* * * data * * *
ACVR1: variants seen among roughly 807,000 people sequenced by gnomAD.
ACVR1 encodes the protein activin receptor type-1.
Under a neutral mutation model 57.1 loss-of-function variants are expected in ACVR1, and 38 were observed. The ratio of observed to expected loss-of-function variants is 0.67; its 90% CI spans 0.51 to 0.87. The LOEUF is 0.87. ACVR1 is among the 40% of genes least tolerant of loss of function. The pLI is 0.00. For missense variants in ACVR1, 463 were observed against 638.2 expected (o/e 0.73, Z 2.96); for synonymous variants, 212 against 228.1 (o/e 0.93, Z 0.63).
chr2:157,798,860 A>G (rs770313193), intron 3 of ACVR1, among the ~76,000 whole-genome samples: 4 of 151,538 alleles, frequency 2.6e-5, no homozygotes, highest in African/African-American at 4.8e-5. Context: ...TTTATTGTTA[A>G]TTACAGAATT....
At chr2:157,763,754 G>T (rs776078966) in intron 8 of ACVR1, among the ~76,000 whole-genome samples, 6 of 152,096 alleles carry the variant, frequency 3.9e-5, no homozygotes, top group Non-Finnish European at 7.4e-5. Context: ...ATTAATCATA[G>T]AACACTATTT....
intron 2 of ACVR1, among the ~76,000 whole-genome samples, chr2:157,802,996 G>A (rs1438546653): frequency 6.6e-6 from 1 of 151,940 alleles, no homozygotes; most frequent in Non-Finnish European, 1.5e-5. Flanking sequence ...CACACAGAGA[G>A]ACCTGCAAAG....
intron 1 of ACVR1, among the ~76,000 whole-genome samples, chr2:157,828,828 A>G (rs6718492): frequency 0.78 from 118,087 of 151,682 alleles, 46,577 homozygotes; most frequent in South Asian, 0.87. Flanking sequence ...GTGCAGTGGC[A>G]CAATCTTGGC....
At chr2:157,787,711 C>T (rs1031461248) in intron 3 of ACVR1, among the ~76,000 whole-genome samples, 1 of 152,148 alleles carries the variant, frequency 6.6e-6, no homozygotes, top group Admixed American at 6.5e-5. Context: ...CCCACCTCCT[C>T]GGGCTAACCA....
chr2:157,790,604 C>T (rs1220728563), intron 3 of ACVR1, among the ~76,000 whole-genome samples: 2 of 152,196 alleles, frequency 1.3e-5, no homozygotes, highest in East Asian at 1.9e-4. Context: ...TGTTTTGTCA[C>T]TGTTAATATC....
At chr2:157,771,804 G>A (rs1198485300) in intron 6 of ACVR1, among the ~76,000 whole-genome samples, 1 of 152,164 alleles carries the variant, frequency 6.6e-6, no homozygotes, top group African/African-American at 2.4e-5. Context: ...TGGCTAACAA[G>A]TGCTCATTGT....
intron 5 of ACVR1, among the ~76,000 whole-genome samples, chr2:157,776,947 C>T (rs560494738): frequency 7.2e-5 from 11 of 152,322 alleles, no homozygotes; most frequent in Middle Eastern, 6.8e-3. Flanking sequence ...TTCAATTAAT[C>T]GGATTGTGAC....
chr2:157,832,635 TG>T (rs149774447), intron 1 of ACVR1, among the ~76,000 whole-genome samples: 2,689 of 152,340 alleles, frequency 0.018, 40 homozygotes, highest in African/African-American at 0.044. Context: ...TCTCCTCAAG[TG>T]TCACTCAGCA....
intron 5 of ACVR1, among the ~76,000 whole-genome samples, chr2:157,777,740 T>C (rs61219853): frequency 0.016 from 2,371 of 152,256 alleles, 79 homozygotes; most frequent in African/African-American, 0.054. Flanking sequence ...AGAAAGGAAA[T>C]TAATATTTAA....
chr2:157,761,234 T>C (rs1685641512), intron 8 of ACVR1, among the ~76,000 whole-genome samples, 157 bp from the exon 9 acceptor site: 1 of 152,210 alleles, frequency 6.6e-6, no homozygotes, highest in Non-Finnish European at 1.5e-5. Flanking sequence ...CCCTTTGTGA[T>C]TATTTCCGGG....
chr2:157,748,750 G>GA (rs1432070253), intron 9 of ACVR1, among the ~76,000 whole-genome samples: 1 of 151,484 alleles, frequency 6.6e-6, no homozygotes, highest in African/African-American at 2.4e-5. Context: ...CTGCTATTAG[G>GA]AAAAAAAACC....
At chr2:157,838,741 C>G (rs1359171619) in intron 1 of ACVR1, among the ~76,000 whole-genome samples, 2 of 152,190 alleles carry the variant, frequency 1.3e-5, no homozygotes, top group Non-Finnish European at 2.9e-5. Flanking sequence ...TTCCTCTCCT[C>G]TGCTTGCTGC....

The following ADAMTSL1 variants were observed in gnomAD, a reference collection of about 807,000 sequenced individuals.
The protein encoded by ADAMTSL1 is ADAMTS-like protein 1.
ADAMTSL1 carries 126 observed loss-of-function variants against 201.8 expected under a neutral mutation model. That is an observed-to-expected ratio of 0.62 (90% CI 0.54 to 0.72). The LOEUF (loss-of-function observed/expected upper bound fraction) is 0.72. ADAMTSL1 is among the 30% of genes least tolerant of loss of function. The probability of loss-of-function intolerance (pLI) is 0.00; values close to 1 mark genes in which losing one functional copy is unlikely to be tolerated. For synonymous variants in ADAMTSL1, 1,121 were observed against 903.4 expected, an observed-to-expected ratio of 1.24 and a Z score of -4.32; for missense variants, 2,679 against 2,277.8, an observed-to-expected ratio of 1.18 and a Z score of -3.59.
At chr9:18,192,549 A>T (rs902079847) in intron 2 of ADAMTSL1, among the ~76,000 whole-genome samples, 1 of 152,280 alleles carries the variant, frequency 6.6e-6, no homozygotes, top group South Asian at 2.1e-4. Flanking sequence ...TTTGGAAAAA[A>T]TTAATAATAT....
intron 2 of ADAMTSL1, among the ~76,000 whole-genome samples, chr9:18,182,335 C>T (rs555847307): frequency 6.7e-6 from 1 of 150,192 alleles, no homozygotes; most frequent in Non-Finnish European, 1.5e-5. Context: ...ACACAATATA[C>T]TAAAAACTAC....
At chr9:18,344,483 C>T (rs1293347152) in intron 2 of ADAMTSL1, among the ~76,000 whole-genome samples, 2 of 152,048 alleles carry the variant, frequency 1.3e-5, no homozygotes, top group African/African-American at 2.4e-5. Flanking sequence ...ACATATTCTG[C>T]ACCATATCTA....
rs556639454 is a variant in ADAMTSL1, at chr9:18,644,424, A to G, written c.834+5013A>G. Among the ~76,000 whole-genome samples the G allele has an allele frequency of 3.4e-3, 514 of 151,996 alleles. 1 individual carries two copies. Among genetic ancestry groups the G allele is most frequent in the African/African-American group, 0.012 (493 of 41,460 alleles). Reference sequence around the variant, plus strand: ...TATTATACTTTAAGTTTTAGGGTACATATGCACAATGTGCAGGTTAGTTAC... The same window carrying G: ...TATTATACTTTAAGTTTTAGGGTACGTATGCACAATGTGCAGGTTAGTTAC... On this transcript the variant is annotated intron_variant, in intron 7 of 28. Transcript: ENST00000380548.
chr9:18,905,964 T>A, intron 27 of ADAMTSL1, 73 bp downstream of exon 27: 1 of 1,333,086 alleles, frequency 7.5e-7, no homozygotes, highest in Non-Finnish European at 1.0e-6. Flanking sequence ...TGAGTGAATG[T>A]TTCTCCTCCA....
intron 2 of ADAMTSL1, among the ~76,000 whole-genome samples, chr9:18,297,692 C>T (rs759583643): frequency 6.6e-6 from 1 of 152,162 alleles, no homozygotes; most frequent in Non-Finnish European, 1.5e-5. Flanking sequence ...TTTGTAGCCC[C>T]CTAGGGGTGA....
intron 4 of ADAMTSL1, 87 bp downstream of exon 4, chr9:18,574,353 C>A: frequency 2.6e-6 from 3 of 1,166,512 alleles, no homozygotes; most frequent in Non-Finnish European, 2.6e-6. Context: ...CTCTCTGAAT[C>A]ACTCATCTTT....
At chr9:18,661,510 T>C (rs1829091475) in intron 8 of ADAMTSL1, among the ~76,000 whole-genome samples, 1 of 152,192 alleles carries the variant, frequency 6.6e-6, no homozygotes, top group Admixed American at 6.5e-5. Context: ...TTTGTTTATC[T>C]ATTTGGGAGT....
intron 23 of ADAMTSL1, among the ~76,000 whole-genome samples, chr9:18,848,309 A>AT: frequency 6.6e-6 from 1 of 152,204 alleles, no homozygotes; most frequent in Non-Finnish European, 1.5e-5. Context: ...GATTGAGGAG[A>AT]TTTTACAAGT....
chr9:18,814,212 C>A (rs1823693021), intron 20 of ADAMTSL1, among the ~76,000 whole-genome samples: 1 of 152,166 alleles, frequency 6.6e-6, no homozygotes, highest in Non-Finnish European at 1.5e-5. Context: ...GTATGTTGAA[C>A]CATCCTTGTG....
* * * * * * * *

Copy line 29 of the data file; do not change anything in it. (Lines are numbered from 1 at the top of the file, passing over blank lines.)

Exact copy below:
chr9:18,814,212 C>A (rs1823693021), intron 20 of ADAMTSL1, among the ~76,000 whole-genome samples: 1 of 152,166 alleles, frequency 6.6e-6, no homozygotes, highest in Non-Finnish European at 1.5e-5. Context: ...GTATGTTGAA[C>A]CATCCTTGTG....